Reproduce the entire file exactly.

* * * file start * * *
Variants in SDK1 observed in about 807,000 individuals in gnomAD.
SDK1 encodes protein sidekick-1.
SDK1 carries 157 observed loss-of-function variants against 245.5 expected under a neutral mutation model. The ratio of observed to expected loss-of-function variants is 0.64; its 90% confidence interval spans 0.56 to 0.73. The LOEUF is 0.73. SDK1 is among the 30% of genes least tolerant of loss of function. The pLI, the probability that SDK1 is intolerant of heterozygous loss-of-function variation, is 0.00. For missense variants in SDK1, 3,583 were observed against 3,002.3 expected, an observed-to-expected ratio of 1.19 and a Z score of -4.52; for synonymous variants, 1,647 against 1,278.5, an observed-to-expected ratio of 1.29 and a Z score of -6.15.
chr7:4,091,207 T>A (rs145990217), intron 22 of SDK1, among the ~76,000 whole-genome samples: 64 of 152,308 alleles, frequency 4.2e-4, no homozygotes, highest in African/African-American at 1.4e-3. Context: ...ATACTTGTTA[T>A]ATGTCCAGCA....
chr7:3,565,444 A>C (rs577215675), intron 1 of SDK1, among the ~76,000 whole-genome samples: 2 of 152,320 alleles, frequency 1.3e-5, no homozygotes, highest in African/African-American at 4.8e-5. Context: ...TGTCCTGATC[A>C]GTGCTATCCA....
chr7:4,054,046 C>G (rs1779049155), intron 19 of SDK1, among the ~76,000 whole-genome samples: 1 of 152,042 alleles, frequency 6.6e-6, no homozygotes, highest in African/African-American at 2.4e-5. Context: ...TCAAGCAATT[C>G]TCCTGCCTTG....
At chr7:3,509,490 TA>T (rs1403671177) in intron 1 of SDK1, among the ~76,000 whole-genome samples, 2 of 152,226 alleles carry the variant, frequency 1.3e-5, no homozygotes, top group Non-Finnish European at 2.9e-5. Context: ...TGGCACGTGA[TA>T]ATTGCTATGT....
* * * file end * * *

Variants in SDK1 observed in about 807,000 individuals in gnomAD.
SDK1 encodes protein sidekick-1.
SDK1 carries 157 observed loss-of-function variants against 245.5 expected under a neutral mutation model. The ratio of observed to expected loss-of-function variants is 0.64; its 90% confidence interval spans 0.56 to 0.73. The LOEUF is 0.73. SDK1 is among the 30% of genes least tolerant of loss of function. The pLI, the probability that SDK1 is intolerant of heterozygous loss-of-function variation, is 0.00. For missense variants in SDK1, 3,583 were observed against 3,002.3 expected, an observed-to-expected ratio of 1.19 and a Z score of -4.52; for synonymous variants, 1,647 against 1,278.5, an observed-to-expected ratio of 1.29 and a Z score of -6.15.
chr7:4,091,207 T>A (rs145990217), intron 22 of SDK1, among the ~76,000 whole-genome samples: 64 of 152,308 alleles, frequency 4.2e-4, no homozygotes, highest in African/African-American at 1.4e-3. Context: ...ATACTTGTTA[T>A]ATGTCCAGCA....
chr7:3,565,444 A>C (rs577215675), intron 1 of SDK1, among the ~76,000 whole-genome samples: 2 of 152,320 alleles, frequency 1.3e-5, no homozygotes, highest in African/African-American at 4.8e-5. Context: ...TGTCCTGATC[A>C]GTGCTATCCA....
chr7:4,054,046 C>G (rs1779049155), intron 19 of SDK1, among the ~76,000 whole-genome samples: 1 of 152,042 alleles, frequency 6.6e-6, no homozygotes, highest in African/African-American at 2.4e-5. Context: ...TCAAGCAATT[C>G]TCCTGCCTTG....
At chr7:3,509,490 TA>T (rs1403671177) in intron 1 of SDK1, among the ~76,000 whole-genome samples, 2 of 152,226 alleles carry the variant, frequency 1.3e-5, no homozygotes, top group Non-Finnish European at 2.9e-5. Context: ...TGGCACGTGA[TA>T]ATTGCTATGT....